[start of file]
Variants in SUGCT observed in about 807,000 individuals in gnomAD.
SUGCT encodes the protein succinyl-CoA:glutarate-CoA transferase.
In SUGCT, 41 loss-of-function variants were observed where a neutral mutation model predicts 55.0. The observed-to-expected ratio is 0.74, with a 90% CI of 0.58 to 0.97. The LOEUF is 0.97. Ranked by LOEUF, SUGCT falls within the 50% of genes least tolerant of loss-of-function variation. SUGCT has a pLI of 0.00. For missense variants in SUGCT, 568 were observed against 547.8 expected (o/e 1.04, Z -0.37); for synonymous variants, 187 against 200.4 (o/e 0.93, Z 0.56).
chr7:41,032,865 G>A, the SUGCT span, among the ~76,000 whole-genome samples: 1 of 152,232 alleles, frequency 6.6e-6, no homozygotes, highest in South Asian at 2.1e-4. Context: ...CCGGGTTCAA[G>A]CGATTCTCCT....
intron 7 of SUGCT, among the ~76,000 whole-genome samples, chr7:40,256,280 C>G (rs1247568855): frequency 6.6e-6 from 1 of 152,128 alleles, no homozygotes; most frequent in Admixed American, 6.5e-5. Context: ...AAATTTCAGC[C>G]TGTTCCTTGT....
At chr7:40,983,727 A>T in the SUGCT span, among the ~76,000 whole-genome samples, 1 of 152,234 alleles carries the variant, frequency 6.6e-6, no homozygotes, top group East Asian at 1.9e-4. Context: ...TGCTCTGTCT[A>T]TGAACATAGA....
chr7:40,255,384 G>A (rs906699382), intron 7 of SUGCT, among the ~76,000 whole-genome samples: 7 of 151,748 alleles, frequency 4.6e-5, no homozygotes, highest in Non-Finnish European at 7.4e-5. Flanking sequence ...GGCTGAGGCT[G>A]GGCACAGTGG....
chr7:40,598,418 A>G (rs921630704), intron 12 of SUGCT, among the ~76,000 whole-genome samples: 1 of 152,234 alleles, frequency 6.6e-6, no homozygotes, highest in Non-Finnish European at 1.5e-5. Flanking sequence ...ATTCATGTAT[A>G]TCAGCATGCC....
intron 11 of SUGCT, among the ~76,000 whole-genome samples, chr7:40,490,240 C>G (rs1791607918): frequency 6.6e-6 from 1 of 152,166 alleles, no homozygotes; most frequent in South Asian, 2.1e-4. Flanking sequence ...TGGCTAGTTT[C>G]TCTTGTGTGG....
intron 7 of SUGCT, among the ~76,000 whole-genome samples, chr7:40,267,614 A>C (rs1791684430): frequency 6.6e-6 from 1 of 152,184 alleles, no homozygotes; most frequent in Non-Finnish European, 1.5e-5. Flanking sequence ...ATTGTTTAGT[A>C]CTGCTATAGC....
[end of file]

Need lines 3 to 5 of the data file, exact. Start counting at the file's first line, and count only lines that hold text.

In SUGCT, 41 loss-of-function variants were observed where a neutral mutation model predicts 55.0. The observed-to-expected ratio is 0.74, with a 90% CI of 0.58 to 0.97. The LOEUF is 0.97. Ranked by LOEUF, SUGCT falls within the 50% of genes least tolerant of loss-of-function variation. SUGCT has a pLI of 0.00. For missense variants in SUGCT, 568 were observed against 547.8 expected (o/e 1.04, Z -0.37); for synonymous variants, 187 against 200.4 (o/e 0.93, Z 0.56).
chr7:41,032,865 G>A, the SUGCT span, among the ~76,000 whole-genome samples: 1 of 152,232 alleles, frequency 6.6e-6, no homozygotes, highest in South Asian at 2.1e-4. Context: ...CCGGGTTCAA[G>A]CGATTCTCCT....
intron 7 of SUGCT, among the ~76,000 whole-genome samples, chr7:40,256,280 C>G (rs1247568855): frequency 6.6e-6 from 1 of 152,128 alleles, no homozygotes; most frequent in Admixed American, 6.5e-5. Context: ...AAATTTCAGC[C>G]TGTTCCTTGT....